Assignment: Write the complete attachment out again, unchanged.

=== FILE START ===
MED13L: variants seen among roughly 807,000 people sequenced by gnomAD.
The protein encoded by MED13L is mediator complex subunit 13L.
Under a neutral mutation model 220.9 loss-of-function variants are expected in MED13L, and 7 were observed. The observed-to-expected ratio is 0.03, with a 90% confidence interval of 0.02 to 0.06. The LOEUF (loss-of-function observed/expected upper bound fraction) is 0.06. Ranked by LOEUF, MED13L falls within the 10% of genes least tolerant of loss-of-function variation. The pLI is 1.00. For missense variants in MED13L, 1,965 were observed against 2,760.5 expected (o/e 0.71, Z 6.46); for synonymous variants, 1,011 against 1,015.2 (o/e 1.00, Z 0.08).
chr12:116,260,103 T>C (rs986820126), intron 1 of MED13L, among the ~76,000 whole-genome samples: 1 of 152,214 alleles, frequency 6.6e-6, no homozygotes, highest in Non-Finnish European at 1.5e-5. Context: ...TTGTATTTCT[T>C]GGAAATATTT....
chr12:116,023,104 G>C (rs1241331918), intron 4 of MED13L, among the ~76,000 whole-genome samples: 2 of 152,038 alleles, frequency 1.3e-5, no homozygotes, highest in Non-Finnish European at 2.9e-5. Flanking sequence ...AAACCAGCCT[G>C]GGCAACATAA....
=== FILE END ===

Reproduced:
MED13L: variants seen among roughly 807,000 people sequenced by gnomAD.
The protein encoded by MED13L is mediator complex subunit 13L.
Under a neutral mutation model 220.9 loss-of-function variants are expected in MED13L, and 7 were observed. The observed-to-expected ratio is 0.03, with a 90% confidence interval of 0.02 to 0.06. The LOEUF (loss-of-function observed/expected upper bound fraction) is 0.06. Ranked by LOEUF, MED13L falls within the 10% of genes least tolerant of loss-of-function variation. The pLI is 1.00. For missense variants in MED13L, 1,965 were observed against 2,760.5 expected (o/e 0.71, Z 6.46); for synonymous variants, 1,011 against 1,015.2 (o/e 1.00, Z 0.08).
chr12:116,260,103 T>C (rs986820126), intron 1 of MED13L, among the ~76,000 whole-genome samples: 1 of 152,214 alleles, frequency 6.6e-6, no homozygotes, highest in Non-Finnish European at 1.5e-5. Context: ...TTGTATTTCT[T>C]GGAAATATTT....
chr12:116,023,104 G>C (rs1241331918), intron 4 of MED13L, among the ~76,000 whole-genome samples: 2 of 152,038 alleles, frequency 1.3e-5, no homozygotes, highest in Non-Finnish European at 2.9e-5. Flanking sequence ...AAACCAGCCT[G>C]GGCAACATAA....